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The group did not disclose how much it would spend on the ad buy but called in an "extension" of its six-figure campaign in Florida during the state's Republican primary.

Bill Burton, President Obama's former deputy press secretary and co-founder of the Priorities USA super-PAC, called Romney's message on immigration "aggressively duplicitous."

"I don't think there's one person in politics who would suggest that his position on issues like the DREAM Act would be palatable," Burton said.

The Romney campaign slammed the campaign as "dishonest."

""This is a dishonest smear from President Obama's liberal allies and a desperate attempt to distract from his abysmal record," said Romney spokeswoman Amanda Henneberg. "It will do nothing to help the millions of Hispanics who have been hit especially hard as a result of the Obama economy. Hispanics, like all Nevadans and Floridians, are supporting Mitt Romney because they know he has a proven record as a conservative businessman, and is the best person to rebuild the economy that President Obama has spent three and half years destroying."

Burton also played a bit of defense when questioned why the campaign seemed to have little effect in the Florida primary, where more than half of Republican Latino voters went for Romney.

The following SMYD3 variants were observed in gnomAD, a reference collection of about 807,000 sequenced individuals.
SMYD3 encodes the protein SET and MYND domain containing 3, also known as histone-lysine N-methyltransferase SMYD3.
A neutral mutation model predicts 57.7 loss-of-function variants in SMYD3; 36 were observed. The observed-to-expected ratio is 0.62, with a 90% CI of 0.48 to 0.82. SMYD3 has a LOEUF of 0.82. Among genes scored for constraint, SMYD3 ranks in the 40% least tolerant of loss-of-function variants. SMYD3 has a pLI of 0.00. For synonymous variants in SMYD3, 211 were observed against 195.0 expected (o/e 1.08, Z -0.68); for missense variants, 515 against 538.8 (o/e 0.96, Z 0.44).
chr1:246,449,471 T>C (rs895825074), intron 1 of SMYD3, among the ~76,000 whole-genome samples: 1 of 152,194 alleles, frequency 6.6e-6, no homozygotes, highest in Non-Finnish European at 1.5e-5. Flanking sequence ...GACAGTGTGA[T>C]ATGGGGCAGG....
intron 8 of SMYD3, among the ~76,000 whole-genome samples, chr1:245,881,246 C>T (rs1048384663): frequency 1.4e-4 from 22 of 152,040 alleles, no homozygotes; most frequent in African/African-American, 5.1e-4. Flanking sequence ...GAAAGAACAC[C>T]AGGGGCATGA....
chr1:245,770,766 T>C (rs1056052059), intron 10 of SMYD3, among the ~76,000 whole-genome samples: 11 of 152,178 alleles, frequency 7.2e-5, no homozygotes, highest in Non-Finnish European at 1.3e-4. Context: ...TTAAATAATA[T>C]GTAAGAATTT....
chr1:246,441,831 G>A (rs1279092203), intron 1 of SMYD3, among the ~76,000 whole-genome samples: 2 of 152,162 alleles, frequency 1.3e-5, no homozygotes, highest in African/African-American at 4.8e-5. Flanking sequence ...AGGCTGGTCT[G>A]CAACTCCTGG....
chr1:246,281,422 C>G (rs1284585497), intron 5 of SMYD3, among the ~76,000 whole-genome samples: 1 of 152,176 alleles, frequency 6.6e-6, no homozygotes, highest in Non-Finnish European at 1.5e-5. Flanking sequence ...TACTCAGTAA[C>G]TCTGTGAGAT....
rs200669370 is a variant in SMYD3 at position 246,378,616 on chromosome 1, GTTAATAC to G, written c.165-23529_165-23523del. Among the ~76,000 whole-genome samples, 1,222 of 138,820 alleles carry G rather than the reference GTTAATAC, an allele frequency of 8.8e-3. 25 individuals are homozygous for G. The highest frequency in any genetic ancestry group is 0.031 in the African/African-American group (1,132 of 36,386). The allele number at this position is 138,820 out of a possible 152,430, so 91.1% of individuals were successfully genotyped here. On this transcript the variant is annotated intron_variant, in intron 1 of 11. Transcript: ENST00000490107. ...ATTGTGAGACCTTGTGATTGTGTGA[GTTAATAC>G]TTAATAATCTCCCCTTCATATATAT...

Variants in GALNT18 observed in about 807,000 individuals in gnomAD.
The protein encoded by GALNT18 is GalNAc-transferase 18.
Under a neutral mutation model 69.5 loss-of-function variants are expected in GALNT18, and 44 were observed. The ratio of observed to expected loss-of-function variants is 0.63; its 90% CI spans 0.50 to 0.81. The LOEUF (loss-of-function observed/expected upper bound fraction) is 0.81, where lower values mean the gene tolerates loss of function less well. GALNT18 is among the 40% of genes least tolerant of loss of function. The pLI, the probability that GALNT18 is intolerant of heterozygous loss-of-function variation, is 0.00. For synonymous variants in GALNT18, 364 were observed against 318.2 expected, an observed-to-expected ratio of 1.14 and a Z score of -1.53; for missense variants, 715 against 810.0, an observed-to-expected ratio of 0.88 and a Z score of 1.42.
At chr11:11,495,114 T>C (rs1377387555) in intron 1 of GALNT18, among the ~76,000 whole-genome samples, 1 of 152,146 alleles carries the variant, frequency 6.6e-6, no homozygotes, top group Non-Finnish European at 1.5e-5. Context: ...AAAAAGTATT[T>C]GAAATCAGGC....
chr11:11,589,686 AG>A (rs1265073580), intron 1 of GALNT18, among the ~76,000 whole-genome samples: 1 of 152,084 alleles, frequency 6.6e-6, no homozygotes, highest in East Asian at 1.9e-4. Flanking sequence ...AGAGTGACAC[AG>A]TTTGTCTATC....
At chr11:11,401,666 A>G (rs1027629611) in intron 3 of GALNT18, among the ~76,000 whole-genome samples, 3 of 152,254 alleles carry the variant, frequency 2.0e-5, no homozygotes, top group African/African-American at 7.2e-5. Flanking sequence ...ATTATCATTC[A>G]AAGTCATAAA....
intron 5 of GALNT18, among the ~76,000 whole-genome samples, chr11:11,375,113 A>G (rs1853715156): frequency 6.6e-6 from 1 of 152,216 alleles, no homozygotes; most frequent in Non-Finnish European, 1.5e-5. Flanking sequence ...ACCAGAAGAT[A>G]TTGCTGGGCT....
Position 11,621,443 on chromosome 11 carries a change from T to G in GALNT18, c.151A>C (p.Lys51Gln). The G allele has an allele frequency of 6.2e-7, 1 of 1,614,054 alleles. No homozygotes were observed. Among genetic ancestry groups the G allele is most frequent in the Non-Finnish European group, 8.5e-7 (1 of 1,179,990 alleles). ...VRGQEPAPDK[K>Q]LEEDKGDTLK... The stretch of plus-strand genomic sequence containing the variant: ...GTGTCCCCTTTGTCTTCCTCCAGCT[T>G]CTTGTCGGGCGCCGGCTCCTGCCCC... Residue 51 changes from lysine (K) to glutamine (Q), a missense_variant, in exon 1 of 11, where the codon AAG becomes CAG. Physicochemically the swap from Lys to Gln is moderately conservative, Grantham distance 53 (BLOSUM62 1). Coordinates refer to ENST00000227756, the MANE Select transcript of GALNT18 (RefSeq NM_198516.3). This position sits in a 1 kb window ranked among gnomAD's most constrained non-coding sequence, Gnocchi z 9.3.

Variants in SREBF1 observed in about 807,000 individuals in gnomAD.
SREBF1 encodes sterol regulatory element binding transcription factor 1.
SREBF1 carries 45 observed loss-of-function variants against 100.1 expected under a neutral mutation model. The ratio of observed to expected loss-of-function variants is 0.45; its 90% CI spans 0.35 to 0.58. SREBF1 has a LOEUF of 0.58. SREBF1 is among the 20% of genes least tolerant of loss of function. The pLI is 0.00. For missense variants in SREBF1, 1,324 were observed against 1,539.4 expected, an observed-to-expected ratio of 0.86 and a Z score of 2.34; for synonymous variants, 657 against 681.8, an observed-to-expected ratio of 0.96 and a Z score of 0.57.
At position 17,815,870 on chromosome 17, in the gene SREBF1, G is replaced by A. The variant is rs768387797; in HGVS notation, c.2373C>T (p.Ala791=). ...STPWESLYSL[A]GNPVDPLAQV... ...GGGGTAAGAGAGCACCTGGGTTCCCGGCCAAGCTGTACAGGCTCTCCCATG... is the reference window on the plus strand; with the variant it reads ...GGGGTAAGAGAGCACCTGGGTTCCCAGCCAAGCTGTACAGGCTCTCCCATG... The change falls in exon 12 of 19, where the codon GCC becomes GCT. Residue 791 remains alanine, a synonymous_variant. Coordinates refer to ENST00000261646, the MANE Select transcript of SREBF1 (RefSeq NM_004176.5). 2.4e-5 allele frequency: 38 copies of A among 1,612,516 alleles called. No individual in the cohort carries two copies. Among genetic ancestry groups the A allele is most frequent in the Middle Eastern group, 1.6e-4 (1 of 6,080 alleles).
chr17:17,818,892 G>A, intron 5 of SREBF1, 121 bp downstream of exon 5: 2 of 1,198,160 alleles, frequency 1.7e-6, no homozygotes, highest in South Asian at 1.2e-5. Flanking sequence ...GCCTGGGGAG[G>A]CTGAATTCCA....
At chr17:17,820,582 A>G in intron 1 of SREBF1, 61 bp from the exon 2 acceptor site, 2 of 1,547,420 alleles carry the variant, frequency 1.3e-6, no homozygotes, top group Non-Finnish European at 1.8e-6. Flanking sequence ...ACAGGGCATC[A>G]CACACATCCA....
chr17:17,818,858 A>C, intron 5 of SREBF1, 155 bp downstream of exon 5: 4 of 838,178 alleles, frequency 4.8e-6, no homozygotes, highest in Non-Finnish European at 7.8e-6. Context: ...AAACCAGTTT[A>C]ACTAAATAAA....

"Keep in mind the electorate is different, and the audience we're connecting with is not just Republican primary voters," Burton said.

He also downplayed SEC filings released Tuesday that showed his organization lagging behind the fundraising of some of the prominent conservative super-PACs.

"In terms of outside spending, I don't think anyone was surprised that big oil companies and private equity firms and were ready to pony up to help Karl Rove," Burton said. But the former Obama official predicted "Democrats and progressives are waking up to the importance and centrality of PACs as they're watching the Republican race."

The groups ads are expected to run for the next week, but said they might continue the campaign beyond the initial buy.

“Although Mitt Romney may walk away with the Florida GOP primary, he can’t walk back his support of treating immigrants so terribly that they are forced to self-deport,” Medina said in a statement. 

“He can’t walk back his fondness of Kris Kobach, the godfather of anti-immigrant legislation like Arizona’s SB 1070. He can't walk back the fact that while as CEO of Bain Capital he fired thousands of workers. He can't walk back the fact that as a multimillionaire he pays less in taxes than the majority of hardworking Latinos. As he heads into states with more Latinos, his ‘dos caras’ with our community will become even more evident.”